Study finds politics stinks -- literally

Story highlights

  • A new study shows that body odor could play a role in matching political ideologies
  • It finds that a person's scent could send signals about their political views
  • The study was published in the American Journal of Political Science
If you and your significant other share political views, it could be because you like each other's smell.
Results from a new study released Monday by the American Journal of Political Science show that body odor may play an initial role in the matching of individuals with similar attitudes on political ideology.
In the study, 125 participants rated the attractiveness of smells from strong liberals and strong conservatives, but the participants couldn't see the individuals and didn't know anything about their political views.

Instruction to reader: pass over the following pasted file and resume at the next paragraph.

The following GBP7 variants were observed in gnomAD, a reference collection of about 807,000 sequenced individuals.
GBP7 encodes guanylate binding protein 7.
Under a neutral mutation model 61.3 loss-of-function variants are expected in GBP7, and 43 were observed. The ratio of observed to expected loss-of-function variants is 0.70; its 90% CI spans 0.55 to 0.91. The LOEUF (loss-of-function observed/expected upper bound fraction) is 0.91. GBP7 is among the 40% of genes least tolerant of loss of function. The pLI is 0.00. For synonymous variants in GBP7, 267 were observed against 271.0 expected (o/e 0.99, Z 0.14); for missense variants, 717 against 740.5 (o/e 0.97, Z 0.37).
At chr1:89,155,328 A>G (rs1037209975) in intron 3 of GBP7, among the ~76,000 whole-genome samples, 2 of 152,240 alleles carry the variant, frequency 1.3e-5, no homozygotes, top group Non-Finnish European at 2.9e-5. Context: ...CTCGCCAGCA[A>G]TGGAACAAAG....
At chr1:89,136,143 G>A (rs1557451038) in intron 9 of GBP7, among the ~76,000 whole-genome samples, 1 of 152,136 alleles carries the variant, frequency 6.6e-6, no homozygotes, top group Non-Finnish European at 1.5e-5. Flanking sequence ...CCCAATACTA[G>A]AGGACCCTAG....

"People could not predict the political ideology of others by smell if you asked them, but they differentially found the smell of those who aligned with them more attractive," said Dr. Rose McDermott, lead author of the study. "So I believe smell conveys important information about long-term affinity in political ideology that becomes incorporated into a key component of subconscious attraction."
What does smell have to do with politics?
According to the study, smell helps individuals choose mates because the sense can signal possible social and biological behaviors, such as disease avoidance, disgust sensitivity, cheater detection and social cohesion.
"For example, greater disgust sensitivity, which is intimately interconnected with the neural substrates of smell, predicts more conservative positions, particularly around issues involving morality and sexual reproduction," the article notes.
Those who were doing the smelling took whiffs of small gauze pads that had been worn under the arms of 21 individuals for 24 hours.